Both of my children were born via scheduled c-sections when I was 39-weeks-pregnant. It wasn’t because I didn’t want to push or was too afraid to have a vaginal delivery (as a family member suggested). I suffered severe pelvic floor nerve damage after I was in a car accident at the age of 16, and since I had endured about a decade of debilitating pain, surgeries and physio to get it under control, the specialist who I still see every year recommended that I have a c-section. My obstetrician agreed with the specialist’s opinion, and that was that.
I’ve never regretted having caesareans, nor have I ever wished for a vaginal birth. I’ve never been one of those women with a strong desire to give birth a specific way. In fact, my feelings about how a child enters this world can be summed up in five words: GET THE BABY OUT SAFELY. I believed in my doctor and I trusted her to deliver my babies safely (and she did!). But that doesn’t mean that my babies’ births were easy in any way.
So why do I keep hearing people imply (and even say) that mums who have c-sections are taking the easy way out?
Shortly after my first child was born, the criticism began. First, there were the jabs from a relative about vaginal births being “the real way” to have a baby. (This same person criticises mums who get epidurals.) So does that mean having a caesearean is the fake way to have a baby? Because there was nothing fake about my surgery or recovery, let me tell you. I spent the night after my daughter was delivered sweating and shaking as the anesthesia wore off, followed by several weeks of pain when getting in and out of bed, walking for more than a block and climbing on and off the tall stools in our kitchen. Nothing fake about that!
Then, when I was expecting my second child, a fellow preggo in the shoe shop grilled me about my birth plan, after revealing that she planned to deliver her child naturally the following week. When I told her that I was having a scheduled c-section, she replied with an icy: “You don’t think you can push your baby out naturally?’ I was speechless. Why in the world did this woman care how my baby was going to be born? I most definitely did not care about her childbirth plans. A friend of mine received a similar verbal beatdown in a supermarket, followed by a lecture on why she should have a VBAC.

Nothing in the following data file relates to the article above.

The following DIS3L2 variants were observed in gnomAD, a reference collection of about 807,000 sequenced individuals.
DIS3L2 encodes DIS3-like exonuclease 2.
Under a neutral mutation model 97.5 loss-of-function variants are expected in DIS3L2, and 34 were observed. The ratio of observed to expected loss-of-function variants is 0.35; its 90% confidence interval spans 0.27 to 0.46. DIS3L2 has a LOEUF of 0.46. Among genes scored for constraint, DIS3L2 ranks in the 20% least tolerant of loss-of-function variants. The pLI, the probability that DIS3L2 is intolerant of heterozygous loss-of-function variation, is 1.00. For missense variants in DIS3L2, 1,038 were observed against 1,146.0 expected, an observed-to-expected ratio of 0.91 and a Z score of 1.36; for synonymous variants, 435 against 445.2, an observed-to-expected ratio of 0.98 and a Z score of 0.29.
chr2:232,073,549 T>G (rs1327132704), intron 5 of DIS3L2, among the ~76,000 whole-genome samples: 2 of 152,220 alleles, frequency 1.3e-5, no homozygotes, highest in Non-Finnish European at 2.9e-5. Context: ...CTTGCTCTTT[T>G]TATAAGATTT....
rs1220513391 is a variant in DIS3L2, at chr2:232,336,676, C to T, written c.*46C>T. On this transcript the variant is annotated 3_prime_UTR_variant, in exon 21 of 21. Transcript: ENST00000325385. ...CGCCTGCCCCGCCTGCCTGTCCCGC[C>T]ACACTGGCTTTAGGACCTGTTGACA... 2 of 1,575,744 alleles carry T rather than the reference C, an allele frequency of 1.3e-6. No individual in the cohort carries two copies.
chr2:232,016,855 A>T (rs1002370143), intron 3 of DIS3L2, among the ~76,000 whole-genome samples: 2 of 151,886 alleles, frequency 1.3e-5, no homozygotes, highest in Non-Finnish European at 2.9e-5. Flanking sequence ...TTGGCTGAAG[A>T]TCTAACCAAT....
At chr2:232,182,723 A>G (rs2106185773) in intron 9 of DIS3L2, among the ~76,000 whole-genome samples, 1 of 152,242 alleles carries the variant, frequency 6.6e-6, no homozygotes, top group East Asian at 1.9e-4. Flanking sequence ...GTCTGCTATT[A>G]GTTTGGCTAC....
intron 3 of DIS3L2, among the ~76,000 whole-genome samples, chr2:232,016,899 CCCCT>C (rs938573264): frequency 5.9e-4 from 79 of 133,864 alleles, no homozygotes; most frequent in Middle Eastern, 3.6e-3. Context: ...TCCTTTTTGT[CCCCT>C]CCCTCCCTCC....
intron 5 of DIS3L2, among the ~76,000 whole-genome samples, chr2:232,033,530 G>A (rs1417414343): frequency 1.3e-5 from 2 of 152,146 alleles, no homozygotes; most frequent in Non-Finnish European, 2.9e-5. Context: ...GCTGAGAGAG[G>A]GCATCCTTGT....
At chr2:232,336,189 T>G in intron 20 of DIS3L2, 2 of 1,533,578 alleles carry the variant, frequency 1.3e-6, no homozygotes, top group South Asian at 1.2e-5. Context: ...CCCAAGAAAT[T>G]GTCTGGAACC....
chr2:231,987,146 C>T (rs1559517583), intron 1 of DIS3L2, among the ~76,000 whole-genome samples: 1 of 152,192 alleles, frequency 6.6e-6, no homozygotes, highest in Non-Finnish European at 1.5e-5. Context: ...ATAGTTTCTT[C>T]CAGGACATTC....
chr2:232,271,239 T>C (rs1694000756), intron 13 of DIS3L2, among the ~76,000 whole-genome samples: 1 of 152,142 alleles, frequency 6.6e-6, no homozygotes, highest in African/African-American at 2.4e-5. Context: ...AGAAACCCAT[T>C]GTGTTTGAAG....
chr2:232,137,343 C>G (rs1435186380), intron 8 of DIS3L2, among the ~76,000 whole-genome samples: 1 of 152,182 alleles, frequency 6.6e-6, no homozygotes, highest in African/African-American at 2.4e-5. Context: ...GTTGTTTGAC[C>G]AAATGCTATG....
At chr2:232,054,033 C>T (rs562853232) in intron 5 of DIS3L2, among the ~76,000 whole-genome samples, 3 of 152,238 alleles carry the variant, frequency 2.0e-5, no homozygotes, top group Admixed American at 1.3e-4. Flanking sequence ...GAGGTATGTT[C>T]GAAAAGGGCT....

There was also the judgy-ass dad who blurted out, “ARGH, THAT’S SO TERRIBLE!” when he discovered that I had delivered via caesearean. I was in the middle of dropping my son off at school, with my sleeping newborn in tow, and for some reason this guy had questions about my delivery. He proudly went on to tell me all about his wife’s natural births, shot me a look of pity, and then said, “Well I guess you had it easier!”
Perhaps these people and all other c-section critics assume every casearean is a whimsical party that involves unicorn dust, fairy wings, and twinkling stars?
If so, here’s a reality check (based on my own experience) that will kill that fantasy really fast. When I received my spinal for my second c-section, it hurt like hell and I peed myself. (I have no idea whether that’s a common reaction or if a nerve was hit but, either way, it was awful.) Then, I was simultaneously shaved and catheterised before the numbing meds kicked in while a group of nurses looked on — all while still lying in my own pee because I was too overwhelmed to speak up. Shortly after that, the meds kicked in and I started vomiting, only I was strapped down flat so, despite the anthologist’s best efforts to lift and turn my head, I swallowed most of my own vomit.
Once the vomiting stopped, the mindf*ck of it all fully set in. Despite my husband’s best efforts to distract me, I was fully aware of the fact that I was being operated on and yes, I was nervous. I felt anxious about whether my baby would be born healthy, as well as nervous about what was happening to my body (as a former pregnancy editor I know exactly what was going on behind the curtain). I had a blood transfusion because of a bleeding issue. When it came time to pop the baby out, there was the suffocating sensation of two adults pressing down on my rib cage to deliver my baby.
So yes, I didn’t push a baby out of my vagina, but there was nothing easy about it. It’s not like I lounged on a massage table at the spa while a baby was painlessly plucked from my belly. There was the magic of meeting my children for the first time, but everything else was very, very real. I had major surgery. And yes, for me, that surgery was less risky than having a vaginal delivery. But it was still major surgery. It was still painful. It was still hard work. And I still had to recover from it — just like every other mum, however she delivers her baby.
So, here’s a little advice for those people out there who still want to be judgy about mums who have c-sections. Worry about your own pregnancy and delivery and stop focusing on mine and every other mums’ out there. How babies come into the world just isn’t important. It’s how they’re loved and cared for once they’re here that is.
Further reading on c-sections:
- 21 Things Only Mums Who Have Had C-Sections Know
- C-Section Scar Pictures: What it Really Looks Like After You’ve Had a C-Section
- What it Feels Like to Have a C-Section, According to Mums Who Have Been Through it